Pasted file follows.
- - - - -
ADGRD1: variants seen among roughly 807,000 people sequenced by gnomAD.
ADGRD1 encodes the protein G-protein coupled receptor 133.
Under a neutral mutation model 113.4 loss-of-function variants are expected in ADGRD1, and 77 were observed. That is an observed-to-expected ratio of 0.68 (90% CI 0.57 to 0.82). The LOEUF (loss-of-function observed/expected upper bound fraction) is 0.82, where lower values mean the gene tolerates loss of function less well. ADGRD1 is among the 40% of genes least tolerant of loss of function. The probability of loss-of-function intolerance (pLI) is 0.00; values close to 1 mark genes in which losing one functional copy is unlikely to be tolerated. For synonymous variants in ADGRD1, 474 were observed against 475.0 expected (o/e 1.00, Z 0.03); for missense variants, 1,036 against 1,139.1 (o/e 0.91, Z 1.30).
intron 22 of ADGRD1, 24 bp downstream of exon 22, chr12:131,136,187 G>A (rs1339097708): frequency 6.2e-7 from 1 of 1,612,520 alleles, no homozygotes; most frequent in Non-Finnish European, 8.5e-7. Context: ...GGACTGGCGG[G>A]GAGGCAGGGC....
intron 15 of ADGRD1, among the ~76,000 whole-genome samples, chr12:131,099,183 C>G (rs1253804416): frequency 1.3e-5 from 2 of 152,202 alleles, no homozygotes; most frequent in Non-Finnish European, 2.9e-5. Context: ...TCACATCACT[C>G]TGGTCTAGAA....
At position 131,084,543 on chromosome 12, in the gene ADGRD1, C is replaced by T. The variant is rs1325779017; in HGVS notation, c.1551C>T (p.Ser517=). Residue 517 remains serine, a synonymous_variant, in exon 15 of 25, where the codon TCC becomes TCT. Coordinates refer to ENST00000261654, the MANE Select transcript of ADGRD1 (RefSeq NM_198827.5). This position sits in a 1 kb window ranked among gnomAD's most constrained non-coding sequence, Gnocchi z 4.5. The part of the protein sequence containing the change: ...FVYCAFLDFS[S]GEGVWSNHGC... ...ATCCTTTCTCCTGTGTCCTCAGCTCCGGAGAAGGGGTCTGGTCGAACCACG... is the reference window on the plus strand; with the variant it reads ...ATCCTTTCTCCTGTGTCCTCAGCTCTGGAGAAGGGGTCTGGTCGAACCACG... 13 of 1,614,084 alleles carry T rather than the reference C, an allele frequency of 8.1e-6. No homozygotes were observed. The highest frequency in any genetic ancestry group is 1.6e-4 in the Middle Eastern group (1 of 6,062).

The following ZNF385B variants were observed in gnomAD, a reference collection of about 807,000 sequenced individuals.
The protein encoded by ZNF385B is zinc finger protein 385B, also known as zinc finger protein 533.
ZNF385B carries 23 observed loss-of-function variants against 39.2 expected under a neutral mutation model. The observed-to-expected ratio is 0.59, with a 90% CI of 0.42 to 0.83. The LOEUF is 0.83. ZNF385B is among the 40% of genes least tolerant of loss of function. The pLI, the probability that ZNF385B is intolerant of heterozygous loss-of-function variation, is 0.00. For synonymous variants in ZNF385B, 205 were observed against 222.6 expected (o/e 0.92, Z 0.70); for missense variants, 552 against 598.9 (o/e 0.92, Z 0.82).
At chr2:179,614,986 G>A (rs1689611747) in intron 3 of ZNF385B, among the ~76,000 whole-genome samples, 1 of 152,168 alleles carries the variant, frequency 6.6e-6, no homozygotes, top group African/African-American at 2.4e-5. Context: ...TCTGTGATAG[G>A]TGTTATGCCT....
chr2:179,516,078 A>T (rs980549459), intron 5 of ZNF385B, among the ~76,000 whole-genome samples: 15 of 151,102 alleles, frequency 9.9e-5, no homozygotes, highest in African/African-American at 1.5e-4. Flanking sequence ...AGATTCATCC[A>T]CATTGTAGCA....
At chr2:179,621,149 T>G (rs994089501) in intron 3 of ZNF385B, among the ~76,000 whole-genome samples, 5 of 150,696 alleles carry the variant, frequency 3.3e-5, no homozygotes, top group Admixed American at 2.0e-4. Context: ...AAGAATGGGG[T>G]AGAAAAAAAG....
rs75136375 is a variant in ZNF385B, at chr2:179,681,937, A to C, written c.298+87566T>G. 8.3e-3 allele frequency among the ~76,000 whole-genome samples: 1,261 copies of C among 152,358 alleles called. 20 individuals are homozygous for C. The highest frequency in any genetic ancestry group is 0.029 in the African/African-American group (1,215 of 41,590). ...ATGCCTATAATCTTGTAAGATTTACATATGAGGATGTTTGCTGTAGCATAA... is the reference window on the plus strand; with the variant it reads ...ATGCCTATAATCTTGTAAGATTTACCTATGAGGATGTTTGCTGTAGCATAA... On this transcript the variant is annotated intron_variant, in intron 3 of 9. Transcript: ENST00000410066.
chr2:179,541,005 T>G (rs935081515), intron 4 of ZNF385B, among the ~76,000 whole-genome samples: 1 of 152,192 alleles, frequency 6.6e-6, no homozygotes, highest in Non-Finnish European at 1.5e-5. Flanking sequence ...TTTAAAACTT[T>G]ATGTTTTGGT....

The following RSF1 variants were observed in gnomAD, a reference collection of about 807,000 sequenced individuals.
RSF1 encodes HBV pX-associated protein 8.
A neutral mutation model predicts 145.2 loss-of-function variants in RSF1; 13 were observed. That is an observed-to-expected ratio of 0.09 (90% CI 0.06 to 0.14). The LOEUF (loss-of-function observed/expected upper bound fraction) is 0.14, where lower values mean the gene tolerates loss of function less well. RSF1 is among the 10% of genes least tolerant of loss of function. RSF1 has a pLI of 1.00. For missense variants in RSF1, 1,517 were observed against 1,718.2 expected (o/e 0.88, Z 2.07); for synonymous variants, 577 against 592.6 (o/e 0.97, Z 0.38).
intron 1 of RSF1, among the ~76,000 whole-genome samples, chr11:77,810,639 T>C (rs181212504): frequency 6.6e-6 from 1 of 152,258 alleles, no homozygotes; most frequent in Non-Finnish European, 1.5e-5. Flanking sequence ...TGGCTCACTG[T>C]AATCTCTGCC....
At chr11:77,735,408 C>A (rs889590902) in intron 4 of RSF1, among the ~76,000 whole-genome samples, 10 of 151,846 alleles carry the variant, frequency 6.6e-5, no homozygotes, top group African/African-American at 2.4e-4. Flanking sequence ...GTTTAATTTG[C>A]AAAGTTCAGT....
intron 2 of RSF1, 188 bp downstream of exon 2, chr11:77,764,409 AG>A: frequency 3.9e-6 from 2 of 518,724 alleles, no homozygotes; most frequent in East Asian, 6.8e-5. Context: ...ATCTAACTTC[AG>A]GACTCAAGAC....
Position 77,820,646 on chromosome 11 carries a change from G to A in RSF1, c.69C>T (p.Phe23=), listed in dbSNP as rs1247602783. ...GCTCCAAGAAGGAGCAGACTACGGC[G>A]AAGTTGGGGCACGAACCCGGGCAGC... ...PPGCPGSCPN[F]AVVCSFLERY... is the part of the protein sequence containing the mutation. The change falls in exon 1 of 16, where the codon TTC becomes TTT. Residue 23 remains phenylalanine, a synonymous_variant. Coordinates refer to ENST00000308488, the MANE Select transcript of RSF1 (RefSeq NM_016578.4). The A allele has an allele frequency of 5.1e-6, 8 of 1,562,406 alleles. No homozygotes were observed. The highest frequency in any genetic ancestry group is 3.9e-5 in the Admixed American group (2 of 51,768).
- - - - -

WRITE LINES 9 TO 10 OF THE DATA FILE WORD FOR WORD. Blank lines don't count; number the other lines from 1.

ZNF385B carries 23 observed loss-of-function variants against 39.2 expected under a neutral mutation model. The observed-to-expected ratio is 0.59, with a 90% CI of 0.42 to 0.83. The LOEUF is 0.83. ZNF385B is among the 40% of genes least tolerant of loss of function. The pLI, the probability that ZNF385B is intolerant of heterozygous loss-of-function variation, is 0.00. For synonymous variants in ZNF385B, 205 were observed against 222.6 expected (o/e 0.92, Z 0.70); for missense variants, 552 against 598.9 (o/e 0.92, Z 0.82).
At chr2:179,614,986 G>A (rs1689611747) in intron 3 of ZNF385B, among the ~76,000 whole-genome samples, 1 of 152,168 alleles carries the variant, frequency 6.6e-6, no homozygotes, top group African/African-American at 2.4e-5. Context: ...TCTGTGATAG[G>A]TGTTATGCCT....